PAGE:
To find out what else I was supposed to do that afternoon, I checked the home care logbook. I explained my plans to him and asked him where the supplies were kept. Staring into space, he replied that he had no idea. Then he put out his cigarette, rose heavily to his feet, and rolled his walker into the bedroom, a shabby corner set off from the living room by a glass partition and empty except for the bed. He placed his mug by the headboard; so far, he had not taken even one sip. In astonishment, I watched his slow yet purposeful actions. Apparently, our conversation had left him so exhausted that he’d decided to crawl into bed. He turned over the blankets and lay down, fully clothed, on his back, his head on the pillow, still wearing the red hat. Then he pulled the covers over him, laid his arms flat at his sides in the threadbare sleeves of his sweater, and shut his eyes. His thin-lipped mouth dropped open, a black hole. He was playing dead.
“So I guess you’re really tired, if you’re going to bed now?” I shouted.
“Umm . . . would you mind if I opened a window and changed the channel? They keep repeating the same stories. It’s getting a little annoying.”
Not a peep.
I went to the kitchen to fill a bucket of water for the windows. If he didn’t give a rat’s ass what I did, then I might as well wash the windows in the backyard. That would give me a pretext to escape the suffocating interior of the house and spend a half hour in the fresh air. It was hot, and the sun was beating down on the glass, but anything was better than hanging around indoors until five o’clock.
When I came back out of the kitchen with the bucket and some rags, Handigman was on his way from the bed to the TV to pick a new channel himself. He aimed the remote at the screen like a revolver and pressed a random series of buttons. A cacophony of programs rushed by. I got the impression I had no say in this decision. Handigman seemed completely absorbed in channel surfing.
I opened the back door and stepped out into the overgrown yard. A few moments later, as I was removing a year’s worth of cobwebs and insect droppings from the windows and frames, I heard the distorted, strident, poorly dubbed voices of an American infomercial. “Hey, Jack, look what I’m doing to your beautiful brand-new car now. Ha ha ha. You see this nail, Jack? Feel this, Jack, feel how sharp it is. Now, I can see you’re worried, Jack, and so’s your wife Darlene. You just can’t believe it. I’m gonna take this nail right here, Jack, and make a huge scratch across the door. Ha ha ha. D’you wanna stop me, Jack? Do you dare?” The product was auto body finish that provided “high-level protection.” I peered inside through the sheer curtains. Handigman had returned to bed and assumed the corpse pose.
I dragged out the work in the garden as long as I could. Unfortunately, there were only three windows. I gave the woodwork and the box for the awning a thorough cleaning, but eventually there was nothing to do but go back inside. Jack, Darlene, and Bob, the salesman, were jabbering at an improbable speed about Bob’s plans for Jack’s new car, surrounded by a giggly audience crying “Ooh” and “No!” The infomercial went on for at least twenty minutes and then started over again.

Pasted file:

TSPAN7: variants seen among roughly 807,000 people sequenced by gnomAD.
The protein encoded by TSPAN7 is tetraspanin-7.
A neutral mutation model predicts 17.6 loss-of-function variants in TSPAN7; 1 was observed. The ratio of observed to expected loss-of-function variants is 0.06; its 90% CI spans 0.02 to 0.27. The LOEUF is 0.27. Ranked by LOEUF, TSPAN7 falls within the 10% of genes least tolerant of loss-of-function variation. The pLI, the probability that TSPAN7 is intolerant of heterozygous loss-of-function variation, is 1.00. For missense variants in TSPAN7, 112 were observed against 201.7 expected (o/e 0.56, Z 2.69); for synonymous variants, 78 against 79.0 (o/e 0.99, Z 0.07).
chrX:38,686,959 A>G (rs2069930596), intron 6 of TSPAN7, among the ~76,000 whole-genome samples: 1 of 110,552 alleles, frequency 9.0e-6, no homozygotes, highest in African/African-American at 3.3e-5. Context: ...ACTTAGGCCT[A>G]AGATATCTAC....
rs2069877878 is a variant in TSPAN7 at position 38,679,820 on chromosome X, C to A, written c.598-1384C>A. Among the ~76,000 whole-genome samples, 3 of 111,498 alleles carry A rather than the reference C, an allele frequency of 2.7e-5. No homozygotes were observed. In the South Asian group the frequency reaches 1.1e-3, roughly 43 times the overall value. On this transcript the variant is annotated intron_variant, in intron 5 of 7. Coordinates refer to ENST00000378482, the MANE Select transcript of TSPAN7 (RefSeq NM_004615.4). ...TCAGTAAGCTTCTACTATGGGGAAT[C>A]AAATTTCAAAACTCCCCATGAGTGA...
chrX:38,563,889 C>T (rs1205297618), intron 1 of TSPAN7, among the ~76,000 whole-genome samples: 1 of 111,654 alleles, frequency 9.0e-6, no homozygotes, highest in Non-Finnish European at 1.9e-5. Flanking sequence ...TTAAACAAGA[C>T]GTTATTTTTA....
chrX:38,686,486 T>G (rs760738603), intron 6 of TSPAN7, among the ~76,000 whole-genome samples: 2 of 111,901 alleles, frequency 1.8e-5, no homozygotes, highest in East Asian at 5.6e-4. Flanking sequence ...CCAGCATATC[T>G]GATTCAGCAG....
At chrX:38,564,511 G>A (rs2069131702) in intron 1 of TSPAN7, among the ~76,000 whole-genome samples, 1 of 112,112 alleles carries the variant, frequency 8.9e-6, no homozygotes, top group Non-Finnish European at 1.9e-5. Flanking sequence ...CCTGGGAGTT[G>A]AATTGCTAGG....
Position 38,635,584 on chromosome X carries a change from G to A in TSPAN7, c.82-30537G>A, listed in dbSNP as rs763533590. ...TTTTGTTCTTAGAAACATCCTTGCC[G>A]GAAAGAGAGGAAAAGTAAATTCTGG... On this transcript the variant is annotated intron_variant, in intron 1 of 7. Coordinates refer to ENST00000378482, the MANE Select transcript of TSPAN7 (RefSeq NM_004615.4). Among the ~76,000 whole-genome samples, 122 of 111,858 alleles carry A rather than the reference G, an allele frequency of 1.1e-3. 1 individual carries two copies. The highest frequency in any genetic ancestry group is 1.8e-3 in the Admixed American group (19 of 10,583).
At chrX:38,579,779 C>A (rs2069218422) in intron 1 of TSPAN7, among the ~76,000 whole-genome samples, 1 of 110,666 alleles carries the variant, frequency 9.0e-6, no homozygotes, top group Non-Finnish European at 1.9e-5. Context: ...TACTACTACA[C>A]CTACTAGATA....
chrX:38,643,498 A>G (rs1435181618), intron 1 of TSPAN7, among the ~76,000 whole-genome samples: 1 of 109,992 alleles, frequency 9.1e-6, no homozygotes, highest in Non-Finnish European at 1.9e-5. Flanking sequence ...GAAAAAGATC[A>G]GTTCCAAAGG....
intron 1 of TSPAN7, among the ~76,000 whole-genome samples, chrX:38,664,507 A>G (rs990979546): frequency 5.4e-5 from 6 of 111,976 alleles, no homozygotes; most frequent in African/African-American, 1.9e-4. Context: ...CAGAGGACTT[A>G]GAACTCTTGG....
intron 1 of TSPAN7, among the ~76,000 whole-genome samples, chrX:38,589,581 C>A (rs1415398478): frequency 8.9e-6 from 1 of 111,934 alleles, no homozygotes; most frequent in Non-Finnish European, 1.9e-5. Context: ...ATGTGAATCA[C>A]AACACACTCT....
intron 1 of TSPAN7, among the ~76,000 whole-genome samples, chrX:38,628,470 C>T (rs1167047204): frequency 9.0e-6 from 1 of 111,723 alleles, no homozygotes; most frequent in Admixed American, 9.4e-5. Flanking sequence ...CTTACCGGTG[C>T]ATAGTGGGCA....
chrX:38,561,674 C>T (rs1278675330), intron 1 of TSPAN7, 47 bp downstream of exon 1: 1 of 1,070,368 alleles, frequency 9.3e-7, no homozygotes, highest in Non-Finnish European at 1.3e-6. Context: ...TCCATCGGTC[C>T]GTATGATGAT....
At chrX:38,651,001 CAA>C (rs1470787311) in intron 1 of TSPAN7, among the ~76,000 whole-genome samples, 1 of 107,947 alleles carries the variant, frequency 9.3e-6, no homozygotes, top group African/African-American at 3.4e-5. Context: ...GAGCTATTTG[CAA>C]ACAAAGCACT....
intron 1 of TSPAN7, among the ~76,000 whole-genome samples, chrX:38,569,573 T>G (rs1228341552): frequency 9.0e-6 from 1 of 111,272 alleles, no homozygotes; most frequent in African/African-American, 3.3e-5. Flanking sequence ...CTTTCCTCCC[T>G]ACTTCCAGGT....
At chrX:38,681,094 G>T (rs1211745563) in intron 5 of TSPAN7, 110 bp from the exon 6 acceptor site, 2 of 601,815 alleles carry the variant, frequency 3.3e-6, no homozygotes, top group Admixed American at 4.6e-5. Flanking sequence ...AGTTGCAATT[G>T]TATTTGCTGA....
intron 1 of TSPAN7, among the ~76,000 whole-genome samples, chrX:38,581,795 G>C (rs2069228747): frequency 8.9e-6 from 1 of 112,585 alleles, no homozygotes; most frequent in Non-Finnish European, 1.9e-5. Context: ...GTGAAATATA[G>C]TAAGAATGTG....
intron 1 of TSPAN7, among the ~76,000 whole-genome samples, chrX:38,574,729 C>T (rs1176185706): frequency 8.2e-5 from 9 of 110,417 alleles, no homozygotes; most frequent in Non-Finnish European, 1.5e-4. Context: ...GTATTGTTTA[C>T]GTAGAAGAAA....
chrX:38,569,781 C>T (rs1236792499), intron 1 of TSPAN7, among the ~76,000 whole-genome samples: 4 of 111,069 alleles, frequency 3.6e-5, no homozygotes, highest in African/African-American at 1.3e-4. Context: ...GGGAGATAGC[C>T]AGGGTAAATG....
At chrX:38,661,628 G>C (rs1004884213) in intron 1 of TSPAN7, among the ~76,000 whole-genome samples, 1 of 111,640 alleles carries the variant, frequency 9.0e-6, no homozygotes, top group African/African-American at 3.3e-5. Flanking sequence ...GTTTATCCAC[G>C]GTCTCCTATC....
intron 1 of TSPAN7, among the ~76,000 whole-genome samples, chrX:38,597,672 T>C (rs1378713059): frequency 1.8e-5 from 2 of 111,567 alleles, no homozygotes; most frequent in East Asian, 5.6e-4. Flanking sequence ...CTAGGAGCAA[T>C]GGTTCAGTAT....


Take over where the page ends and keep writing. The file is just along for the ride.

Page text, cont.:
I picked up a discolored dust cloth and started wiping the objects in the room: a table lamp with a cracked base, a wooden sculpture of a falconer with an ashtray on his head, a stone workhorse, a once-painted egg cup in the shape of a French gendarme with the slogan “I love Paris.” The remote control was gone.
After I had dusted the neglected souvenirs and paintings, I killed some time in a side room–the paper room. Many years of old newspapers and advertising brochures lay neatly stacked on rows of chairs against the walls. The paper collection was monitored by the hat rack, a plastic faux-wood stag’s head by the door. The antlers of this imitation hunting trophy were fractured in several places and held together by yellowed, desiccated strips of tape.
The TV wailed like a child in distress. It didn’t seem to bother Handigman. He lay motionless on the bed, his pointed nose rising into the air. I passed by the bed from time to time to check whether he was still alive. Only after long, careful surveillance could I make out the slight motion of his chest.
Vacuuming. If he could ignore the din of the TV, then I might as well put the vacuum cleaner through its paces. While vacuuming around and under the bed I found the lost remote. Handigman’s bony hands lay on the sheets, palms down, his white fingertips ever so lightly touching the woolen cover. The remote control had slid out of his right hand and fallen in between two folds of fabric. The vacuum cleaner drowned out some of the noise of the commercial, but not enough. By this time, Bob had been wearing down Jack and Darlene for so long that they agreed to scratch their car with the nail themselves, as the audience cheered them on. Afterwards, Bob demonstrated his product, dumbfounding the crowd with its restorative powers.
A terrific tension was building up inside me. It felt like I was losing my mind. Once I had dusted the entire house and put the vacuum cleaner away in the paper room, I returned to where Handigman lay, determined to talk him into giving me the remote.
“Mr. Handigman! Hello! Are you sleeping?” No response. “Mr. Handigman! Hello! It’s me, your home care aide.”